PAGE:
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Biochemical, Pharmacological And Tumorigenic Studies On A Composite Of Drinking Water Carcinogens And Mutagens Utilizing Aquatic Animals For Bioassays.
Overstreet-RM; Hawkins-WE; Walker-WW
The induction of neoplasms by methylazomethanol-acetate (592621) (MAMAc) was studied in aquatic animals. Ten day old specimens of Japanese-medaka, Gulf-killifish, sheepshead-minnows, guppies, fathead-minnows, inland-silversides, and rivulus were dosed with 0 to 100 parts per million (ppm) MAMAc for 2 hours. They were then placed in carcinogen free water and examined periodically for tumor development. MAMAc induced neoplastic lesions in the livers of specimens of all species tested. About 1 month after exposure to 50ppm or more MAMAc, the livers contained extremely hypertrophied eosinophilic cells, often concurrently with biliary duct hyperplasia. This was considered to be a cytotoxic response. These changes were followed by the development of neoplastic nodules and carcinoma patterns that progressed to lesions having anaplastic and sarcomatous features. Bile duct proliferation with cyst formation and adenofibrosis often accompanied the neoplastic lesions. Undifferentiated sarcomas of the body wall were observed in guppies and in one medaka; retinal lesions were seen in medaka. The authors conclude that several species of small fish develop hepatic neoplasms when exposed to a known carcinogen. The rate of neoplastic development and the prevalence of neoplasms vary among species and appear to be dose and possibly time dependent.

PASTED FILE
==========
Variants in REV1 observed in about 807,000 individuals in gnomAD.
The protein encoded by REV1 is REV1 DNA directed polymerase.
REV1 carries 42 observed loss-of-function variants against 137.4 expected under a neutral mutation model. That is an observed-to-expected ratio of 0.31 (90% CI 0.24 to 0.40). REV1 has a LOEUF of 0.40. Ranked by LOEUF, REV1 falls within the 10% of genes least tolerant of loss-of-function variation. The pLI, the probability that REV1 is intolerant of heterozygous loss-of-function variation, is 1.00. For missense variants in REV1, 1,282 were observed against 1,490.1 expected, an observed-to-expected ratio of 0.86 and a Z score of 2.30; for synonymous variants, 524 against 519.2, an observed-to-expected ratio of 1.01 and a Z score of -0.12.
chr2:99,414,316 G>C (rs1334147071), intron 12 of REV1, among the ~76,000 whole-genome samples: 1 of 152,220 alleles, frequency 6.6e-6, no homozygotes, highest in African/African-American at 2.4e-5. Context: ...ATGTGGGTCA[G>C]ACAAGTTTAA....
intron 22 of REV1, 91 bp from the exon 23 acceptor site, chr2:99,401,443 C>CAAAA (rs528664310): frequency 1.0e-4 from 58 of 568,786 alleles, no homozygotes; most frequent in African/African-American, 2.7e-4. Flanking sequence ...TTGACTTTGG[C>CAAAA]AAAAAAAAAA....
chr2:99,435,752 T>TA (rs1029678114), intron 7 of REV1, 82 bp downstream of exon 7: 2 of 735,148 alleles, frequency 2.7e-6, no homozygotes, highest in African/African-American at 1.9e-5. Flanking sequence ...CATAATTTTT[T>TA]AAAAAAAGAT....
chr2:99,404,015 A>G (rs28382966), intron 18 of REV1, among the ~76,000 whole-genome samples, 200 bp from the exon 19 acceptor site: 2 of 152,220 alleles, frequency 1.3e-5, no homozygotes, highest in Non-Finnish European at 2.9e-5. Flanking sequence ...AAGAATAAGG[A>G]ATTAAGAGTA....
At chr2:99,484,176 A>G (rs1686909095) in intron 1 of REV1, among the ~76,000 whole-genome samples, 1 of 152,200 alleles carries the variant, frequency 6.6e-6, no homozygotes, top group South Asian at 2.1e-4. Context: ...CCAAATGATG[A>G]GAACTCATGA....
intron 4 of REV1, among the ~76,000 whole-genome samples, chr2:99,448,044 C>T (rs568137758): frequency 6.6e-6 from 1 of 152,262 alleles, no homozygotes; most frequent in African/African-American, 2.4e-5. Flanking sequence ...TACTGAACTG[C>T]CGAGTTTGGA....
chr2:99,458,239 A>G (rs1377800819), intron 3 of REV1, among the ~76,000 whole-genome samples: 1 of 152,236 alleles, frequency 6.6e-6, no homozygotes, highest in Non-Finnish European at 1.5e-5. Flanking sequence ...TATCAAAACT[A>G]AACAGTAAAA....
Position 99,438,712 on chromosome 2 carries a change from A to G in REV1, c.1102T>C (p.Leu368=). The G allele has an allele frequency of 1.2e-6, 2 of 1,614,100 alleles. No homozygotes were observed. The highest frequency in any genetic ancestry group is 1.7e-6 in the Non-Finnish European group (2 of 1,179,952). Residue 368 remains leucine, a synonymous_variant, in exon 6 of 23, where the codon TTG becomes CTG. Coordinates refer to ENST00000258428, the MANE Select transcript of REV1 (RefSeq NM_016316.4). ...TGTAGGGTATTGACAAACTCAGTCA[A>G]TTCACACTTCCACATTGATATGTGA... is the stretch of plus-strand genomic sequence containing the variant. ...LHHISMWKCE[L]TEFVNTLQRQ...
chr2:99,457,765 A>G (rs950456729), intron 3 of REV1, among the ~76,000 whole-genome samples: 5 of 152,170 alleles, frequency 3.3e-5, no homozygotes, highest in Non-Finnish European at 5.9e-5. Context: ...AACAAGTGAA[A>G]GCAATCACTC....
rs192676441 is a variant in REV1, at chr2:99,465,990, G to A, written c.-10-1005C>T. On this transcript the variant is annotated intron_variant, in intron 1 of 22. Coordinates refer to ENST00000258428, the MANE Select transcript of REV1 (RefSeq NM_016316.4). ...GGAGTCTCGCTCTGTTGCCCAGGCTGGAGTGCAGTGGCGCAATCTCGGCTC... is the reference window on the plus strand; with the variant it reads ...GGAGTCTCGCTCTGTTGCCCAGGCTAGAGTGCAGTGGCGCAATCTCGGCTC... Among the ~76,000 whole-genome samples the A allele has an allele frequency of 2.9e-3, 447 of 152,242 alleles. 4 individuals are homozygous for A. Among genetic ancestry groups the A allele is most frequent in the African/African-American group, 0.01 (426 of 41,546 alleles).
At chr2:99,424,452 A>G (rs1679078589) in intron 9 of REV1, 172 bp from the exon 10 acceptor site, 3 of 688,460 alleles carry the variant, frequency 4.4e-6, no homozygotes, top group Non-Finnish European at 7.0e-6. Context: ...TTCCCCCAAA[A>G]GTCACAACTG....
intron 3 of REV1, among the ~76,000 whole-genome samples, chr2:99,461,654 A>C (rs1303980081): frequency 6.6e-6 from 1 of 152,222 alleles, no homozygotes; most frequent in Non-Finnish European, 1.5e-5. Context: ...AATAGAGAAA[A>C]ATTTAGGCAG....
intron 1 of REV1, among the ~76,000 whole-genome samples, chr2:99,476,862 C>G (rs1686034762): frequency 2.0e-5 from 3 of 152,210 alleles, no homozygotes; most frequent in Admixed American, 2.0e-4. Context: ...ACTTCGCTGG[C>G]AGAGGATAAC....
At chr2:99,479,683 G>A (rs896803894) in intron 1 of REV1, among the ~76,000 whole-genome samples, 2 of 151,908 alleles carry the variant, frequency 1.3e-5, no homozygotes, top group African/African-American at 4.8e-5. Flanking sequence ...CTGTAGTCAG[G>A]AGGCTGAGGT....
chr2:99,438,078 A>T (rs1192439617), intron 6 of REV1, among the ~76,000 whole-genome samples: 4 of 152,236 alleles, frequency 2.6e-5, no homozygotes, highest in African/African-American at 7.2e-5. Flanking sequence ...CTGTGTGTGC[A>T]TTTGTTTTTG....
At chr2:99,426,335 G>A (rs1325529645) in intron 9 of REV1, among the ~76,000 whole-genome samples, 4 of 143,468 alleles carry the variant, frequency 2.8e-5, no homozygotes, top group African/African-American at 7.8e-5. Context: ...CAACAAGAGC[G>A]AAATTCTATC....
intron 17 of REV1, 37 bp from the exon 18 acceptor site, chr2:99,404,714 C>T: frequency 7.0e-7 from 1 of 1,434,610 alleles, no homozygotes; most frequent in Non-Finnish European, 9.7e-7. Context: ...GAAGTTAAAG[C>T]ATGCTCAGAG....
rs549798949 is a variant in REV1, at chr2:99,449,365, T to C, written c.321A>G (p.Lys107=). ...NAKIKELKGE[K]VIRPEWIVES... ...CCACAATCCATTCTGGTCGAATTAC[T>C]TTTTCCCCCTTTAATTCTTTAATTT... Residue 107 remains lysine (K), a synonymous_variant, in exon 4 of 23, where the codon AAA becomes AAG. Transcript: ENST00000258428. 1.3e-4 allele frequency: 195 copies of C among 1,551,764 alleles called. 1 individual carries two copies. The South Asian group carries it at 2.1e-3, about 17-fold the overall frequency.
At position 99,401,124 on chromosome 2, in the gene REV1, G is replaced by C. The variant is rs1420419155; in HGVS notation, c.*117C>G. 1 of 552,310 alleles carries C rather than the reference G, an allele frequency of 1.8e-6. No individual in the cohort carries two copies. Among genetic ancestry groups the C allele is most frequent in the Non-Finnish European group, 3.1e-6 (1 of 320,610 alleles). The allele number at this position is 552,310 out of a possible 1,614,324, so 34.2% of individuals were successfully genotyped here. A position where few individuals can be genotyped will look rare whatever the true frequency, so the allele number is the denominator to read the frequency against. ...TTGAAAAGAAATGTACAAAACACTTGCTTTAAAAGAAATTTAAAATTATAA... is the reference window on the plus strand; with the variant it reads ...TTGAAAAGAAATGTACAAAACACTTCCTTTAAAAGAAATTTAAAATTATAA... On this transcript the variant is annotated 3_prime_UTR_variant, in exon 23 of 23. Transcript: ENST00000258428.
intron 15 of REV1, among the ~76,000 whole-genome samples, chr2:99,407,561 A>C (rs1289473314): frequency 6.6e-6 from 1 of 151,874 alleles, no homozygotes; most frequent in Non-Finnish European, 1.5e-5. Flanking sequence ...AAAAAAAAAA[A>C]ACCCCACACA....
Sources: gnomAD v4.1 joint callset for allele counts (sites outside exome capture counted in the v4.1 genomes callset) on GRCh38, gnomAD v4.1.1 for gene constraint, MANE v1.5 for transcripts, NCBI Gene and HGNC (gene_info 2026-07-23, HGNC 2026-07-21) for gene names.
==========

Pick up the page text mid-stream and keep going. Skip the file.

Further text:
Mutagenicity; Tumorigens; Biological-effects; Sarcomagenicity; Laboratory-animals; Biochemical-analysis; Physiological-measurements; Neoplastic-agents; Carcinogenesis;
Proceedings of the Third NCI/EPA/NIOSH Collaborative Workshop: Progress on Joint Environmental and Occupational Cancer Studies
Page last reviewed: April 12, 2019
Content source: National Institute for Occupational Safety and Health Education and Information Division